Sunday, July 26, 2009

WALKABOUT: View from the Southwest Corner

By Bret Chenkin

Bennington has been churning up the arts this summer—from the famed moose parade, to some great exhibits as well. Of course, the moose are back and have stopped traffic, and why not? They are greatly improved artistically, and if one enjoys kitsch and tourist art then we have a cavalcade to revel in. But on a more serious note, The Vermont Arts Exchange in North Bennington is still featuring the paintings of Phillip Wofford. Wofford is a longtime painter in the abstract expressionist style, whose talent as a jazz musician definitely permeates his frenetic and colorful sculpted paintings. He has huge assemblages that he feels is breaking out of the canvas space, and defining its own identity. They are exciting, dynamic, and monstrously engaging. The best thing is the price at this time, for Mr. Wofford has generously offered his art at far below the New York gallery prices to benefit the Vermont consumer.

The famed documentary photographer, Kevin Bubriski, and his daughter, are exhibiting at Bean and Leaf CafĂ© on Main Street. Bubriski is featuring a number of his color photographs, many of which were taken in Morocco. There is a lovely geometric music to the planes of blues and whites—I think of de Stael for some reason. In his work, composition is crucial, even a worn door has purpose. His daughter Tara Bubriski is not only holding his mantle, but is shouldering ahead on her own path, with documentary images from her trip to India. She has a nice sense for color, and is able to detect life around her—and capture it well. The collection in this gallery space makes for a nice excursion to the countries visited by both talented eyes.

The Bennington Museum just featured Ken Leslie, who has been documenting landscapes in the Arctic Circle for over decades in oil and watercolor. If you missed his sumptuous scapes—I hope you see them somewhere in Vermont as they are worth viewing: they not only have pictorial beauty, but political expediency, as Leslie feels his work detects the environmental changes due to Global Warming. The current regional artist featured at the museum is Leonard Ragouzeos. A settler in Newfane, the exhibit showcases Ragouzeos’ ink paintings and drawings on paper. As the press release explains: “the focus or subject matter of Ragouzeos' work is usually a person (often the artist himself) or a singular still life element such as a fruit, vegetable or a tool isolated and presented in a dramatic, somewhat Baroque light. Some of these black and white compositions, such as the self portrait on display titled "Doubt" are very large, up to eight feet or more in length.” It is hard not to escape a comparison with Chuck Close, but the artist appears to be more humanistic in his psychological pursuit of portrayal. And also at the museum, the exhibit, “The Quality of Space” is not to be missed! Jamie Franklin has selected a wonderful grouping of images—spanning the entire history of photography, including daguerreotypes, the work of Stieglitz, Frielander, and Lewis Hine. The intent is to determine a thesis: how does photography affect meaning of space—of documenting space? And in positing an answer, a museum-goer will relish the many great photos presented. The many local shots interspersed with famous scenes are a treat. One wonders at how historicity affects the value of an image—and even at the idea of whether a place can ever be truly documented. Either way, to think that Lewis Hine rode down a Pownal street and walked the mills there, photographing the mill girls is quite amazing.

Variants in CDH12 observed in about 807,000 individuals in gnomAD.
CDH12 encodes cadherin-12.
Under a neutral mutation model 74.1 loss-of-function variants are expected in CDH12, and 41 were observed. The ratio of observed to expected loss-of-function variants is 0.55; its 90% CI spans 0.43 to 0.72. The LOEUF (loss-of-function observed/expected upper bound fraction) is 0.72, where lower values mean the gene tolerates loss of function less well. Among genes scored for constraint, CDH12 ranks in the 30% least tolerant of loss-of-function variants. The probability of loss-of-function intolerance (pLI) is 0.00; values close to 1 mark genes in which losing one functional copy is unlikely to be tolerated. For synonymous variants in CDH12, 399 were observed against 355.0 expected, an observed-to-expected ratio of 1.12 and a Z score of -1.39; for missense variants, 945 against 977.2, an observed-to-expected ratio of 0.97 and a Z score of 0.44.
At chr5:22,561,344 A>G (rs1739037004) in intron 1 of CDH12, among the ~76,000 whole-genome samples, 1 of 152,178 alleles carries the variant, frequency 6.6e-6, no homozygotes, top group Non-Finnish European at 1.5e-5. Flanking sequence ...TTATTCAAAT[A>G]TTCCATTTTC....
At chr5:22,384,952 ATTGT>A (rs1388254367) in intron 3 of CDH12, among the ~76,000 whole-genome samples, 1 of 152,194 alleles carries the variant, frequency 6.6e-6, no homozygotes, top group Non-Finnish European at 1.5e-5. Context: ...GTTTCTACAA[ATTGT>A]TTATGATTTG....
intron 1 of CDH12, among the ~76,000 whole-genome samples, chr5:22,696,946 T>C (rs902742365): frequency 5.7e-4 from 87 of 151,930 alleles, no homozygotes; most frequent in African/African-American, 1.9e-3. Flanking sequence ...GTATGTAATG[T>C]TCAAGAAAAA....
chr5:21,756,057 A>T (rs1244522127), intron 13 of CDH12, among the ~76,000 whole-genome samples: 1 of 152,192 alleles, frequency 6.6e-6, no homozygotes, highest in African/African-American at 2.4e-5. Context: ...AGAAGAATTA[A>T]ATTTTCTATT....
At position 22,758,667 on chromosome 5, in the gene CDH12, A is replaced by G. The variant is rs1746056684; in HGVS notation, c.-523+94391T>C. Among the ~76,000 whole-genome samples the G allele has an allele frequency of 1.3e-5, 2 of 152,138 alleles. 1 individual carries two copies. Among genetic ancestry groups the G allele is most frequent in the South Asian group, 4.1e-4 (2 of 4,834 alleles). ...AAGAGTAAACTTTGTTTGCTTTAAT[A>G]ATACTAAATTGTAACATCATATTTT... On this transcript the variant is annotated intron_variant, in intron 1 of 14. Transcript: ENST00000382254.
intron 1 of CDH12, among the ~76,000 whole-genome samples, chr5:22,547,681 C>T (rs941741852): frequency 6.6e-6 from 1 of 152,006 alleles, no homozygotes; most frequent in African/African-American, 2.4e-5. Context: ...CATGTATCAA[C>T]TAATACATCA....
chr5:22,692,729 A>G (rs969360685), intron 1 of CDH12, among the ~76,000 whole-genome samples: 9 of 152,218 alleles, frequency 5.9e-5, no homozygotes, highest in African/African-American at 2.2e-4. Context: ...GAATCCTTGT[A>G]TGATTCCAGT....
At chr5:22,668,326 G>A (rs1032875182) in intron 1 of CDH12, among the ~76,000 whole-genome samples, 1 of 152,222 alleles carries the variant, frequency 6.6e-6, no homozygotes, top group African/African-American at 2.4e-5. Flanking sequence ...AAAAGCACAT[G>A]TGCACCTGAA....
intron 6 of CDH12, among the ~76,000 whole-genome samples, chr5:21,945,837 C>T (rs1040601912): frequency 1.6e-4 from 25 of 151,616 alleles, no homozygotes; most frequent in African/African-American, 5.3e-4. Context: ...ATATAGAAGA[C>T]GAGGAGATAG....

And a tour of the area will not be complete without checking out the latest endeavor
in North Bennington of the outdoor sculpture show. This is the 12th annual production, and is held on the grounds of McGovern Masonry, near the post office, and by the Welling Townhouse, all of which are on Main Street. The neat thing about this show is the variety of work, from flower mandalas, by Amy Anselmo, to large metal and concrete forms (“Shield” by Peter Lundberg, which has the spectral appearance of a piece of Greek armament just dug from Laconian ground). Anselmo invites participation in her mandala, so bring some petals to add to her burgeoning kaleidoscopic circle. But all the works invite participation on some level, as they are so approachable, so public. Some are hits, some misses, and some just plain fun. The best thing to do is wind one’s way from the bottom of the show, to the top, like a bee. It is dizzying to go from a tattered sail, to a brick form sandwiched between two rough planks (Zac Ward)—a metaphor for homeownership, and then to a realistic bronze seabird, quite proud even in its diminutive size (Elaine Witten) and back to whimsical flowery shapes (Gary Humphries). Whatever your taste, it will be there on the green.

Above: Leonard Ragouzeos, The Fall, India Ink on paper, 38 x 25”.

Philip Woffard, Nuclear Wood, mixed media on canvas, 36"x40"

Ken Leslie, Kotzebue Summer Cycle, one of a kind artist book, 30" in diameter.